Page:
23 comments

  1. PTSD is scary. The relationship of my partner and i is still stressed until now. he is not a soldier but he is a veteran biker who had an accident last feb 14 (See: http://ridergirlmanila.wordpress.com/2013/02/23/mending/ )

    when someone feels useless in spite of the fact that there are people surrounding him that could be enough reason for him to be back to his own self – that is scary.

    my partner was almost back. but there are also people who unknowingly hold him back by cutting into his building self esteem.

    PTSD is not only hard for those who undergo it. It is also hard for the people fighting for hope for the person with PTSD.

    Kudos to your blogsite, it is wonderful. And thanks also for following my blogsite.

  2. Thanks for posting this link and for following my page. I have several friends that suffer from PTSD. It is always nice to see someone acknowledge that their internal battles are real and continue even after external ones end. You have some pretty interesting topics on your site and I look forward to reading more of them.

  3. Thanks for posting this. I am also a 23 year military veteran of declared and undeclared war, and all the sequalea that follow. I don’t have the words nor the energy to face my inner demonds and articulate the hell – but it’s good to know that I’m not alone here.

  4. Thanks for posting about our soldiers deep and well deserved concerns and pain. I contributed to an article where we were asked how cities can serve our soldiers a bit better. Here is the article if you want to read it. Debra Ann PTSD suicide more deadly to American Soldiers than…http://guardianlv.com/2013/01/ptsd-suicide-more-deadly-to-american-soldiers-than-combat/

  5. Hi and thanks for following my new site. Please consider the interest returned as I have had a good wander round your own blog and found it very interesting so am now following you too. Look forward to reading more of your posts.

  6. I am reading a relevant book and for once can see the soldiers world
    in a closer perspective. i believe all soldiers returning from a battle field
    should be made available psychiatric treatment for rehabilitation
    preferably by someone who has also served and has first hand experience.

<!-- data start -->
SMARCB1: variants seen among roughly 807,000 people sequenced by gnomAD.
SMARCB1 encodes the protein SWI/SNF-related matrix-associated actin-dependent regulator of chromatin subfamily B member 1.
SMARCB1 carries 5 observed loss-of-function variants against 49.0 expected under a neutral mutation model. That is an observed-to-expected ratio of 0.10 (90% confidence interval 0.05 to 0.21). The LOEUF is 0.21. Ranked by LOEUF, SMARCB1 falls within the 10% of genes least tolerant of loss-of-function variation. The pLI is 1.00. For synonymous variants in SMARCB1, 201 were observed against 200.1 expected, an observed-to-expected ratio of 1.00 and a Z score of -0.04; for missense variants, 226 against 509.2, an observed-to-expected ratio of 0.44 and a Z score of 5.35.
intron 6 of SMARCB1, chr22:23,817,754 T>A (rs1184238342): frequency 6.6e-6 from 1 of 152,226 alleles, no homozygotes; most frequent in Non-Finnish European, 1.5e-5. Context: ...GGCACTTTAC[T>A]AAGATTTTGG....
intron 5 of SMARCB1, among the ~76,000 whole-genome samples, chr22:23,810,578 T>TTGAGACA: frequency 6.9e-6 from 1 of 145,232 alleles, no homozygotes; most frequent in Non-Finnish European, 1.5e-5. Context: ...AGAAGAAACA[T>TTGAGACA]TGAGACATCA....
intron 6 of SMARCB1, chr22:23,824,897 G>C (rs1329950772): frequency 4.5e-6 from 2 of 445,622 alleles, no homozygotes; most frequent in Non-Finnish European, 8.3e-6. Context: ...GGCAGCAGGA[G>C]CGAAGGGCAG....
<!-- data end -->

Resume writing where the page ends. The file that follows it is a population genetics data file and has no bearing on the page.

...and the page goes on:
If the army can spend bucketloads of money in artillery and war
    then both army and country should spend enough for its soldiers
    once they have served and returned traumatised so they can get
    some life back.
    War is the worst curse of Humanity.
    I have raved enough… but i was touched by this entry…

      • Thank you for your kind words!
        I am taking the opportunity of reply to add the relevant information about the book i mention in my previous reply as it may be of interest to many of your followers/visitors.

        Title: A Pogo’s Perspective by Greg Smith -pub 2007

        A non combatant soldier’s Viet Nam experience;
        its affect and aftermath.

        He describes nicely his experience and how they affected his life thereafter. I thought it as a book for Boys one my husband would enjoy, not a laddie’s one
        but was surprised how deep it touched me and how it made me see things from a different perspective
        and your entry was just another confirmation.
        Years back i had associated for a short term with a Viet Nam soldier who displayed problems that confused me.
        People were telling my husband that i should stop communicating with him because he was ‘screwed’ and might affect me badly. Of course i did not as he was very intelligent and interesting to talk to despite the ‘here and there’ unexplained to me weirdness of some parts of expression. This recent book made me look back and understand better that good poor soul been avoided by the ‘normal’ but inconsiderate ignorant ones.
        Apologies again for the length of my reply – rarely comment in blogs i visit but i do believe there may be many interested people out there and i noticed many others were touched and responded to your entry as well.

  7. Wow, “I Don’t Feel Good” is powerful! Thanks for bringing it to my attention. And thanks for liking my story, “The Old, Old Story, Part 1.” I hope to read more of your writing, soon.

    Thom

  8. That is quite a letter, and it makes sense that he’s been holding back the tears for that many years when that’s all he has to say: – ] Anyway, thanks for stopping by my blog and following along on my journey into the unknown of publishing.

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